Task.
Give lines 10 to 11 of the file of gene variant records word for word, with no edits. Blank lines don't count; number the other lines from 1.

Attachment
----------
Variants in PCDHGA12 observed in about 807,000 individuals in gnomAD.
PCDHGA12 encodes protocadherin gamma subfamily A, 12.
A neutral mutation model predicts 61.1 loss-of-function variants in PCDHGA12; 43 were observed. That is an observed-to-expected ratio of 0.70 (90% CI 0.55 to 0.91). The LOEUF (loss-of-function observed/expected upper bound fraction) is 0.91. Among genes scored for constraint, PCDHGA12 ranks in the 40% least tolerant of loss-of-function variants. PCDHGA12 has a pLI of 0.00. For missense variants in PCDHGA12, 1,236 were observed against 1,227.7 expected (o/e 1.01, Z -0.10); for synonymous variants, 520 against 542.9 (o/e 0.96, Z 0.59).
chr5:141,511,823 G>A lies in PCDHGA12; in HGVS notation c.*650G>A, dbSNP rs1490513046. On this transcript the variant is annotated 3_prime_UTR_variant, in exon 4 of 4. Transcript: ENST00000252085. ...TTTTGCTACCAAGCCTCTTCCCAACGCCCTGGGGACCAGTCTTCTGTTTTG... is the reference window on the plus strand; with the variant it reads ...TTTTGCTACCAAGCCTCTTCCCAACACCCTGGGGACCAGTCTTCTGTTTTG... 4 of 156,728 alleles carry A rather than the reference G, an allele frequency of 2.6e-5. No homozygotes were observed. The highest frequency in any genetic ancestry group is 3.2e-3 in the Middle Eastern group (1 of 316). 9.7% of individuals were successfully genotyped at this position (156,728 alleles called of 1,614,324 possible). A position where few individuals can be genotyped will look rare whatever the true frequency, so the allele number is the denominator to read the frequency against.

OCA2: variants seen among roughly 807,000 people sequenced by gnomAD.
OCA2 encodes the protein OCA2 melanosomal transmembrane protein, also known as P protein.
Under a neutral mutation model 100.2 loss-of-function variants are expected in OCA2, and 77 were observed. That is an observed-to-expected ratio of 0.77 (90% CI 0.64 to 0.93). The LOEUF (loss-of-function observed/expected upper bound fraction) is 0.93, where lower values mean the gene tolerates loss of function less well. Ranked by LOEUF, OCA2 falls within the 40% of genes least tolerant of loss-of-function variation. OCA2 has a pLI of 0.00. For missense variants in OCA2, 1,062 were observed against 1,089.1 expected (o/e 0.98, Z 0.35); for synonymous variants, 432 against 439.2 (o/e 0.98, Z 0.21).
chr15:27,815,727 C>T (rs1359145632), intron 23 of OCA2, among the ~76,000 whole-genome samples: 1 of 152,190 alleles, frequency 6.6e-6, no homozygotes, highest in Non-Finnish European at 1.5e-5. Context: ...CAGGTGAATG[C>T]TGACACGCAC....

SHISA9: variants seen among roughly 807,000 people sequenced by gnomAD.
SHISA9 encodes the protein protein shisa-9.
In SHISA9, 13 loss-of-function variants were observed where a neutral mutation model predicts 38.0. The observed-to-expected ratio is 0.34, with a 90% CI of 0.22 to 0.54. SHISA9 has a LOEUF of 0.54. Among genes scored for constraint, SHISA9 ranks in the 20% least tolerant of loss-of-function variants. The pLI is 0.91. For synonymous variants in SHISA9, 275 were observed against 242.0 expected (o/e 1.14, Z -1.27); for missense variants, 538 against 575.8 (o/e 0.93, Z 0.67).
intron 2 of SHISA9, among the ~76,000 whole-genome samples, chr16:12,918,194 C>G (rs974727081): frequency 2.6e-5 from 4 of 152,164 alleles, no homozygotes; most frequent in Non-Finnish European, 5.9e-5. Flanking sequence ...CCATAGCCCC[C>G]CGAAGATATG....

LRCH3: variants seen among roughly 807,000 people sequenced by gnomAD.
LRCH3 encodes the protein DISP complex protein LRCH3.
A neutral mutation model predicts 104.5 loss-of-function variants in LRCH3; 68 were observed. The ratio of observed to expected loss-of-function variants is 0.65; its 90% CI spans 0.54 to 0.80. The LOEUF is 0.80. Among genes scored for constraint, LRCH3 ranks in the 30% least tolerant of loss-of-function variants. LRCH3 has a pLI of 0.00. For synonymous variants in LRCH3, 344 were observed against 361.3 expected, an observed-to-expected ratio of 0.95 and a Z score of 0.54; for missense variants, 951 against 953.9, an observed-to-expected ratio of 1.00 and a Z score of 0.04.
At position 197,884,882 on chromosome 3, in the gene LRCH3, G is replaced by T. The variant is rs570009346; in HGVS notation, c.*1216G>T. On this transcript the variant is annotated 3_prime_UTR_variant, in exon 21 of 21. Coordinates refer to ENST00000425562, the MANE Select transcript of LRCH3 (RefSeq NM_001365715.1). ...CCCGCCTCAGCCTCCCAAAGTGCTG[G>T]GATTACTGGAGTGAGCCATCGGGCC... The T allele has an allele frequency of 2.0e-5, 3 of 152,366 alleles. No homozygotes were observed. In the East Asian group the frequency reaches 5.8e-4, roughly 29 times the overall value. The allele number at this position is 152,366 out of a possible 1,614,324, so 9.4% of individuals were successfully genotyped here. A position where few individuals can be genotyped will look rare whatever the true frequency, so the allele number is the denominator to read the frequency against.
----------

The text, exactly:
SHISA9 encodes the protein protein shisa-9.
In SHISA9, 13 loss-of-function variants were observed where a neutral mutation model predicts 38.0. The observed-to-expected ratio is 0.34, with a 90% CI of 0.22 to 0.54. SHISA9 has a LOEUF of 0.54. Among genes scored for constraint, SHISA9 ranks in the 20% least tolerant of loss-of-function variants. The pLI is 0.91. For synonymous variants in SHISA9, 275 were observed against 242.0 expected (o/e 1.14, Z -1.27); for missense variants, 538 against 575.8 (o/e 0.93, Z 0.67).